If the social worker is aware of anything that is likely to cause delay to the Care Proceedings e.g. assessment not completed to timescale, then s/he must inform the s allocated solicitor so the court may be informed.

Arrangements must not be made for any change to the child's placement without prior consultation with the Children's Guardian.

The IRO should also be notified of any change in the child's placement and any major changes in the child's care plan.

Social workers must provide a note of key unavailable dates to the allocated solicitor prior to each hearing. Team Managers should monitor this through supervision. The allocated solicitor in Legal Services will ensure this is effectively communicated to the court, and that the Social Worker is informed of changes to dates at earliest opportunity.

5. Format of Care Plans Filed in Care Proceedings

The Interim Care Plan and Final Care Plan, which must be exhibited to the social worker's Statement in Care Proceedings, should contain the information set out in Decision to Look After and Care Planning Procedure, The Care Plan.

There must be a separate Care Plan for each child.

Where adoption is part of the Care Plan either as the preferred or contingency plan, legal advice should be sought as to the need for and timing of a Placement Order application.

A Placement Order application cannot be made without the approval of the Agency Decision Maker (ADM). See Adoption Panel and Agency Decision Makers (ADM) Decision.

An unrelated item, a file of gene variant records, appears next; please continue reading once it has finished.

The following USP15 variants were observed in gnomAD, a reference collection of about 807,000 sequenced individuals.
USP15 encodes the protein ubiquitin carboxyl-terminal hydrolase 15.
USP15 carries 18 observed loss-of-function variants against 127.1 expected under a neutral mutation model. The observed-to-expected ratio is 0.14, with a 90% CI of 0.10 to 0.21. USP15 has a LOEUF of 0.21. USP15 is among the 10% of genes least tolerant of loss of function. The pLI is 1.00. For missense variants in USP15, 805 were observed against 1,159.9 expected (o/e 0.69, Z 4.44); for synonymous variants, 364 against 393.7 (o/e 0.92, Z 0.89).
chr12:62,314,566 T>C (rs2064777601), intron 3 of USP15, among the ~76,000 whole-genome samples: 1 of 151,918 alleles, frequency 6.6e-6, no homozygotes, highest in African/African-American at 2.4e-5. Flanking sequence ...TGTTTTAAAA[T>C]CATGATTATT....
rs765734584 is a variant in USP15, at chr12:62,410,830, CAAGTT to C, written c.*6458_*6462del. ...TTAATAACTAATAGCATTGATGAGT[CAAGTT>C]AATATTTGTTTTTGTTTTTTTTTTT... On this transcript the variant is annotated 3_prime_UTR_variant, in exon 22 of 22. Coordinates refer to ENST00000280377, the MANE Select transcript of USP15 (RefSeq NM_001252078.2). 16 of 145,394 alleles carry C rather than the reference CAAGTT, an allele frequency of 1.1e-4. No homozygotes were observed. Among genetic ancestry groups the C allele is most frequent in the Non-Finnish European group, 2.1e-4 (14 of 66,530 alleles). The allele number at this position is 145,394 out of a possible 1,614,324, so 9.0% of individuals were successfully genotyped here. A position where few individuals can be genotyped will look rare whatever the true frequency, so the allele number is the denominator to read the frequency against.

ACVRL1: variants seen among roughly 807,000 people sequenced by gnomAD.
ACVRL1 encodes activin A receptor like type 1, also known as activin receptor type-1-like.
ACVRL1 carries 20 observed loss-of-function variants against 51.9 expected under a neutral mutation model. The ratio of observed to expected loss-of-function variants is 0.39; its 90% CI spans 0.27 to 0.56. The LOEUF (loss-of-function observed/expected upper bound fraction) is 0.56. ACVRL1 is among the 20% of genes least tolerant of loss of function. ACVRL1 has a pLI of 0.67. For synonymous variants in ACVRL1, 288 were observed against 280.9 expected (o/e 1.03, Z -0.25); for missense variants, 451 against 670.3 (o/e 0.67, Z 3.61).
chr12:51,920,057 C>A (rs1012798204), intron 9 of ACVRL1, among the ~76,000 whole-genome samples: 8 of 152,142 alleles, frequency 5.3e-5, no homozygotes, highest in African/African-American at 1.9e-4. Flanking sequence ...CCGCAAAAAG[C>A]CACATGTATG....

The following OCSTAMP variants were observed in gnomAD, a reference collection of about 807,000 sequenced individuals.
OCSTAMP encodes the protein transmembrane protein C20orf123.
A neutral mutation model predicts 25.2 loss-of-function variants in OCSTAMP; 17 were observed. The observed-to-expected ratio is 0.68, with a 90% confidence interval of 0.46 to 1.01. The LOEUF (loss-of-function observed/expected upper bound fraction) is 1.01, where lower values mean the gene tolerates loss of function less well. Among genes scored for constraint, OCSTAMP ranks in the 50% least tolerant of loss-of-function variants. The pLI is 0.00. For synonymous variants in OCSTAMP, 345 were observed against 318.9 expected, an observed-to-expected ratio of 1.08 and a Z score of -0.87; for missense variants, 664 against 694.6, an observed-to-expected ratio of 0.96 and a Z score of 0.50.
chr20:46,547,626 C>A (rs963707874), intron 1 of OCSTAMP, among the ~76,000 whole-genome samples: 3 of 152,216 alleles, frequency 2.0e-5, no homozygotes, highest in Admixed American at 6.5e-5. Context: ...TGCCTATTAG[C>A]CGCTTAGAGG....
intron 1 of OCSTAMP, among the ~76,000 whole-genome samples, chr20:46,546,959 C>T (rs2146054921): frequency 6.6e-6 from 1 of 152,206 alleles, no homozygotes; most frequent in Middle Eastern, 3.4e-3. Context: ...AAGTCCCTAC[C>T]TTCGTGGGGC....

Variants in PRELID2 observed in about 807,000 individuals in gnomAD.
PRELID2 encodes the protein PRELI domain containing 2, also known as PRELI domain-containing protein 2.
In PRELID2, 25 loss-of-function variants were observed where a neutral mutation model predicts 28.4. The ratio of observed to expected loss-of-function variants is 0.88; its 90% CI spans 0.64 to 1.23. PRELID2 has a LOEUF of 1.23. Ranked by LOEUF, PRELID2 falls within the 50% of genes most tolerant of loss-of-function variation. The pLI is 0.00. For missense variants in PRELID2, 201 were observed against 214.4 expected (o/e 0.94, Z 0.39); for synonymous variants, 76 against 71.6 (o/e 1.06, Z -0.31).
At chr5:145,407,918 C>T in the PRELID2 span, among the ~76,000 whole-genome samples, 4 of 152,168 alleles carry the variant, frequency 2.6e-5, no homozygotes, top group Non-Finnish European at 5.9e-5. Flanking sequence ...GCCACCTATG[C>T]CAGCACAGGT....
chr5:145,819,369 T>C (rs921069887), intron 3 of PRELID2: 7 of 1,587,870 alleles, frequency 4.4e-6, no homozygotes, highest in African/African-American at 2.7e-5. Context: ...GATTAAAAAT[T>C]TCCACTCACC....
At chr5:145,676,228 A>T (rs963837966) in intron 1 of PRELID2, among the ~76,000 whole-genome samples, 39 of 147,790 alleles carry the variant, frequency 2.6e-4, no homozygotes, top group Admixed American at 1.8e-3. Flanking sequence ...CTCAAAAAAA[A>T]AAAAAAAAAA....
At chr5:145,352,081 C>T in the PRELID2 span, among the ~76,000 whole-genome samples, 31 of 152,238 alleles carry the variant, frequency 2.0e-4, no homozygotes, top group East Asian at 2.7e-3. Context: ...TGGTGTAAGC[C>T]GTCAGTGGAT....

The social worker and Service Manager must sign the Interim Care Plan. The social worker and Head of Service must sign the Final Care Plan. The Care Plan cannot be changed without reference to the authorising manager. The Social Worker should own the reasoning for the care plan and the child focused outcomes being sought. The Team Manager should ensure this through Professional Supervision.

6. Correspondence During Court Proceedings

All correspondence received from solicitors for other parties during court proceedings must be passed to the Legal Services to deal with.

Where the Legal Services receive correspondence during court proceedings and require the social worker's instructions for the reply, the letter will be sent to the social worker upon its receipt and the social worker must give clear instructions to the solicitors as to the reply as soon as practicable.

In relation to any other contentious correspondence, including letters received from an expert during court proceedings, the social worker must send the letter to Legal Services as soon as possible, together with detailed instructions for the reply.